Now, the greenery, no it doesn’t look like the hills and greens of the wester ghats, but it’s not all concrete either. Every house owner in an apartment has at least 1-2 plants in their balcony, be it the divine tulsi or the lucky bamboo. And if you are one of those people with an independent house in Bombay, you surely have at-least one tree in your compound. In bandra, these range from coconut palms to jackfruit trees!! These are not results of people suddenly waking up to environmental changes and conversation, this is just people who know how hot their city can get in the summers, and that these trees will give them the necessary respite in the form of shade and breeze. Adding to this are the various parks in every area, I live surrounded by at least 5 parks within a 2km radius of my house. All, well maintained places, with walking tracks and play areas for children and some even for pets. These complement the sea side promenades across the city quite well, and are a boon for the senior citizens here. Senior Citizens form quite a large portion of Mumbai’s populace close to 10% some newspapers say. And the city is really a haven for these people, while a granny in a smaller town/village would be confined to her house and the people there, a Mumbaikar granny can choose to take walks along the promenade, sit in her balcony and talk to neighbors or join one of the various laughter clubs and senior citizen clubs that are an engaging way to socialize and pass time. If u happen to be on Juhu beach on a Sunday morning, you will meet a large group of grannys and grandpas, all chatting about their families, bitching about the bahus, discussing modiji and his ways and then feeding each other with dhokla and ras-puri from their houses. These are simple meetings, but if you look closely, you realize that these are events that they have been looking forward to for the entire week, an outlet for all of their energies and emotions. The nariyal-pani wala at juhu beach who sells his nariyal pani to them every week, also arranges for plastic chairs/tables for them on the beach and sugarless tea for those who are diabetic. I don’t know if he charges separately for the chairs, but it’s sweet of him nonetheless.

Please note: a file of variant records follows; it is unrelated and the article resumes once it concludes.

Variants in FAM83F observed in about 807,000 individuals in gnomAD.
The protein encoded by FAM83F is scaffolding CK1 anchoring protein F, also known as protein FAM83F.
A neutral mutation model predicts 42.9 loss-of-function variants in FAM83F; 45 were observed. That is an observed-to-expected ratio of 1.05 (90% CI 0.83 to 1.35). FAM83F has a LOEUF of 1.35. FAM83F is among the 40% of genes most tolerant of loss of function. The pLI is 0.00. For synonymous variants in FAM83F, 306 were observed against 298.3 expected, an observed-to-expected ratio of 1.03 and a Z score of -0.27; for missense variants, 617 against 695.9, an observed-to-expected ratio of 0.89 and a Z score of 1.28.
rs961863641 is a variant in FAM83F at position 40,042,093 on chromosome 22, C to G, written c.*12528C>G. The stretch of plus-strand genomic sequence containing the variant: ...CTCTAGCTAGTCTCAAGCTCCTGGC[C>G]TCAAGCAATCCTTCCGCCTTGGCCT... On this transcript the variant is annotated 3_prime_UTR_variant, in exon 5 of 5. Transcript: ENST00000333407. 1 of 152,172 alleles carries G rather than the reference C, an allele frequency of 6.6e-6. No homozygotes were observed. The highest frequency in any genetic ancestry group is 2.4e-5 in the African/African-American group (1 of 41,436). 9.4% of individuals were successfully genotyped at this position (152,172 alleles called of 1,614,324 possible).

Another thing that caught my attention, especially abt life in the Khar-Bandra region, is how they have a ‘guy’ for everything! You almost feel like Barney Stinson!! There is Bhaji Wala, Fruit Wala, Anda-Bread Wala, Nariyal Pani Wala, Phool Wala, Farsan Wala, Dabba Wala, Raddi Wala, Chappal-Repair Wala, Istri Wala, Garage Wala, Gym Wala, Pest Control Wala, even a Diagnostic Lab Wala! The entire ecosystem of home deliveries and services, made up mostly of good people (yeah, they are not trying to thug you all the time!) makes living in Mumbai that much easier.
Although these are services that are available in most cities in India today, what is different in Mumbai is you don’t have to trail the bai into every room as she cleans the house, the bhaji wala does not hide rotten tomatoes under the first 2-3 good ones and the Istri wala does not disappear right after you have given him 20 clothes for packing the next day. A lot of people can go to work, leaving their keys with the security guard, and let the bai come in and finish her chores in the day, because there is faith and trust, that the bai will not walk away with their TV/Fridge/Money. The city is full of people who came here looking for work, people who did not have a source of livelihood elsewhere and have found one here. These are people who value their livelihood far too much to want to cheat you. (Completely my opinion this one).
These qualities of the mumbaikars along with the oft mentioned awesome food, street shopping, the sea, rains and the mind blowing vada pav, are things that have gotten me to love Mumbai. Truly, as a gujarati saying goes:
Mumbai ma gayo etle Mumbai no thayo!!
Source: The Better India